NAGC Announces the 2018 Javits-Frasier Scholars: Increasing Equity in Access and Quality of Service for Gifted Children in America’s Schools
October 17, 2018

The National Association for Gifted Children (NAGC) Javits-Frasier Scholars Program recognizes passionate, innovative educators who work in districts that serve students from low-income and minority populations that are historically underrepresented in gifted education. Today NAGC announced the 2018-19 cohort.

2018 NAGC Javits-Frasier Scholars

Michelle Partridge Benteen Elementary Atlanta, GA
Latifah Williams Charles R. Drew Charter School Atlanta, GA
Kathy Benton Furman L. Templeton Preparatory Academy Baltimore, MD
Jeannine Disviscour Moravia Park Elementary Baltimore, MD​
Louise Reid Immokalee Community School Immokalee, FL
Jennifer Willems Discovery Intermediate Kissimmee, FL
Verona Nisbeth-Hart Hibiscus Elementary Miami Gardens, FL
Courtney Baker Prairie View Elementary Rhome, TX
Brittany Carrone Harmony School of Innovation Carrollton Carrollton, TX
Niamh Burke Sidney Sawyer Elementary Chicago, IL
Geena Constantin Robert Frost Sixth Grade Academy Louisville, KY
Julie Delgado Sunnyside Elementary Great Falls, MT


The Javits-Frasier Scholars will network with and learn from leaders in the field of gifted education at the NAGC 65th Annual Convention in Minneapolis, MN, November 15-18, 2018.

According to federally funded research, students who are living in poverty, are learning English as a second language, and are from racial and ethnic minority groups are 250 percent less likely to be identified for, and served in gifted programs, even when they perform at a comparable level to children in the program.

“The Javits-Frasier Scholars are critical to increasing equity in access and quality of service for gifted and talented children in our schools,” said M. René Islas, NAGC Executive Director. “They will learn evidence-based strategies to support gifted learners from under-represented populations.”

Two teachers from Atlanta Public Schools, Michelle Partridge, Benteen Elementary, and Latifah Williams, Charles R. Drew Charter School, said they are honored to be named Javits-Frasier Scholars and take part in this valuable learning experience. “I am excited about this opportunity to further my craft,” said Partridge, and Williams shared she is “excited about the positive effects that this will have on my pedagogy.”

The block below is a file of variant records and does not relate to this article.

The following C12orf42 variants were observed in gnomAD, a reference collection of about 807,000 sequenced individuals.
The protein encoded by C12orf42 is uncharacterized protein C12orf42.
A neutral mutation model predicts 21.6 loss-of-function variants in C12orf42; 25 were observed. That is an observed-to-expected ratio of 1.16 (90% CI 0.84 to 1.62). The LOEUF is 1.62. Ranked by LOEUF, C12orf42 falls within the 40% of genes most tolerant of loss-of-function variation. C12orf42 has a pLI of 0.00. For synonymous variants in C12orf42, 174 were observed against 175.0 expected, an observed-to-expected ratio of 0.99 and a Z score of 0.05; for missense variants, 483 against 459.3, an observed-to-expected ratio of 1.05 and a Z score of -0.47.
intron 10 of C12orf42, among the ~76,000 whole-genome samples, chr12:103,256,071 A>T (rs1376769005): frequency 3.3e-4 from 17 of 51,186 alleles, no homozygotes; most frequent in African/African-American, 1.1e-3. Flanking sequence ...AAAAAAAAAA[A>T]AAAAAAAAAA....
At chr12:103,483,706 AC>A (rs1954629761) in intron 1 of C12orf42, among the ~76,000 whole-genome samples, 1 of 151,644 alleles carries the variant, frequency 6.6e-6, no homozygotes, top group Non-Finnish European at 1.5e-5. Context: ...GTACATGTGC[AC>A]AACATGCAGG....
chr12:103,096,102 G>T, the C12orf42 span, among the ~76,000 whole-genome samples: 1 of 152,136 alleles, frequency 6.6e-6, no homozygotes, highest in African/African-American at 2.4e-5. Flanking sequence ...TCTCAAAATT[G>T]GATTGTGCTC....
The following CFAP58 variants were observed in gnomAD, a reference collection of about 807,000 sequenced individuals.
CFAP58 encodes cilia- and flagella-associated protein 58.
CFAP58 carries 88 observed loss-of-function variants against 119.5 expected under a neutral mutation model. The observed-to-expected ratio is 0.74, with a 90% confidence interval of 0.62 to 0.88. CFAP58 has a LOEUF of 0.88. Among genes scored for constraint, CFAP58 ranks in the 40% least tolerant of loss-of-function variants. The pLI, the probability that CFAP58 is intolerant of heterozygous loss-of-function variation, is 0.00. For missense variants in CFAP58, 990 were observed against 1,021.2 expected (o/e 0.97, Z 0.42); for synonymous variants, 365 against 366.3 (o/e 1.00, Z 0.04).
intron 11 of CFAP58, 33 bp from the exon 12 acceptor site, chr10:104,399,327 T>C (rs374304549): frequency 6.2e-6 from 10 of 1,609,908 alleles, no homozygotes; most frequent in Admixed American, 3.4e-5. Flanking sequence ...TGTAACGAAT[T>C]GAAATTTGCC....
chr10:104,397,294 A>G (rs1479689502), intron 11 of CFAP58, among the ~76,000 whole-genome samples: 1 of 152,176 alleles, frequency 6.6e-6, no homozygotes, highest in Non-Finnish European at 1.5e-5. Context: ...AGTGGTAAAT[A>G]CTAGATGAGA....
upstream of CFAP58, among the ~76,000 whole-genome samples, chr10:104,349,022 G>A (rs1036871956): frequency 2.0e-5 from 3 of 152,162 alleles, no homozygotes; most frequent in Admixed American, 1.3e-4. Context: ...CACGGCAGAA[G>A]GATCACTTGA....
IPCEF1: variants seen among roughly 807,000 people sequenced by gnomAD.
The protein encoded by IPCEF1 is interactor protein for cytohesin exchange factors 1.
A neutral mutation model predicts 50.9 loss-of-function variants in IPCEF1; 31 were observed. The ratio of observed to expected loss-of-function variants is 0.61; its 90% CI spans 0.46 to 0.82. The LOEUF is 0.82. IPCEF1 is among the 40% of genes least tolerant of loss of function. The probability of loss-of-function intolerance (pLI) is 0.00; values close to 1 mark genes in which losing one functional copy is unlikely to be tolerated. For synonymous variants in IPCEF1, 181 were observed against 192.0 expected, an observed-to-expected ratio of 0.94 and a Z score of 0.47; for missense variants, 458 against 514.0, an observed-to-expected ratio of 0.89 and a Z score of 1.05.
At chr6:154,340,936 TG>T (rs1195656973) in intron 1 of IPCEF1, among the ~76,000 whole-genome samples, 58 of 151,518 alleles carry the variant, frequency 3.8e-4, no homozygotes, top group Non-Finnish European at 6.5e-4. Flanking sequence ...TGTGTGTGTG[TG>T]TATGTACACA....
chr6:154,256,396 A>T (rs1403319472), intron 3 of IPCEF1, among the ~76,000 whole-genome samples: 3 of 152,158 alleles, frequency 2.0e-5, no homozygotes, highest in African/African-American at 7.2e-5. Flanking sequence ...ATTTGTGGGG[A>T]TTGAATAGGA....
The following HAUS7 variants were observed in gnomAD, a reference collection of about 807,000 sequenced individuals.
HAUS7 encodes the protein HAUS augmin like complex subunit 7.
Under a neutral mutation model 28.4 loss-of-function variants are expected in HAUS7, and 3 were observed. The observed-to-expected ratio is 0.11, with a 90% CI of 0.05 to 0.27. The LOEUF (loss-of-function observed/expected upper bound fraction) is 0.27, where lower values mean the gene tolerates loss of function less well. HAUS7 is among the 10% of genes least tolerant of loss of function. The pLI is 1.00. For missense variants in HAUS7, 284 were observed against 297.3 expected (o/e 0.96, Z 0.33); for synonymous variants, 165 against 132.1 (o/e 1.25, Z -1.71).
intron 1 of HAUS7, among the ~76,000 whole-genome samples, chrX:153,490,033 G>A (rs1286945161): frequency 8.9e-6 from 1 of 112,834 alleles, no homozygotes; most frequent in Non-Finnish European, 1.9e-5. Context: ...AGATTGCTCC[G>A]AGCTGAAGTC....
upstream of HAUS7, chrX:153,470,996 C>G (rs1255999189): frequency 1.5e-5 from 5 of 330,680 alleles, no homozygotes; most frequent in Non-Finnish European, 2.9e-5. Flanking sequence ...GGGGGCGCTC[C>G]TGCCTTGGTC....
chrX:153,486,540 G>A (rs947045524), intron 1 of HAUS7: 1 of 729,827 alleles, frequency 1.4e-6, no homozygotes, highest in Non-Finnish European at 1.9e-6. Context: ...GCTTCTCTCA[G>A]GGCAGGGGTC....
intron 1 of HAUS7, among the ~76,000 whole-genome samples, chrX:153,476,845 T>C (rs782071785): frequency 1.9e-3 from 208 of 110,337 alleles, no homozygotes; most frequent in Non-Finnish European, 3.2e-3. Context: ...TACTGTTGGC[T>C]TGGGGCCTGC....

Baltimore City Schools also has two teachers who were selected. Kathy Benton, a teacher at Furman L. Templeton Preparatory Academy, said, “This is my third year as a gifted and talented teacher, and I am always looking for opportunities to further my learning and practice in gifted and talented education.” Jeannine Disviscour, Moravia Park Elementary, said, “I am honored to be chosen to be a part of this cohort and have the opportunity to work with and learn from other educators who care about equity and excellence in gifted education.”

The state of Florida has three teachers who will be heading to Minneapolis. Jennifer Willems, Discovery Intermediate School in Kissimmee, said she is “excited for a great opportunity to learn more and engage with others.” Verona Nisbeth-Hart, Hibiscus Elementary in Miami Gardens, said, “The Javits-Frasier Scholarship will provide me with the necessary tools that I need to be able to nurture and develop my [diverse] students’ talents.”  Louise Reid, Immokalee Community School, said, “Being given this opportunity to educate myself further, among others passionate about giftedness, is a blessing, and one I can share with my community of teachers and learners!”

Texas will be represented by Courtney Baker, Prairie View Elementary in Rhome, and Brittany Carrone, Harmony School of Innovation in Carrollton. Baker said she is “honored and excited to be a member of the Javits-Frasier Scholars cohort and looks forward to learning with other educators who share a passion for teaching gifted students.” Carrone has spent eight years teaching in Title 1 schools, and she said, “I firmly believe that being able to identify and understand the needs of gifted learners within this population is important.

Niamh Burke, a teacher at Sidney Sawyer Elementary School in Chicago, IL, said, “As I round out my second year teaching gifted, I am thrilled for this opportunity that is aimed at increasing representation of minority students on the national gifted stage.”

Geena Constantin, a teacher at the Robert Frost Sixth Grade Academy in Louisville, KY, said, "I see this opportunity as a chance for me to be part of a community of like-minded people... This has been my first year teaching students who have been identified as advanced placement, and it comes with some distinct challenges.”

Julie Delgado, a teacher at Sunnyside Elementary School in Great Falls, MT, shared “After much anticipation, I was both grateful and honored to have been selected to share in the experience of NAGC and to network with other educators from across the United States who are in my same shoes. I am thrilled to have the opportunity to collaborate and find new ways to support the needs of my students.”


The National Association for Gifted Children (NAGC) is a membership organization whose mission is to support those who enhance the growth and development of gifted and talented children through education, advocacy, community building, and research. 

CONTACT:  Cathleen Healy,

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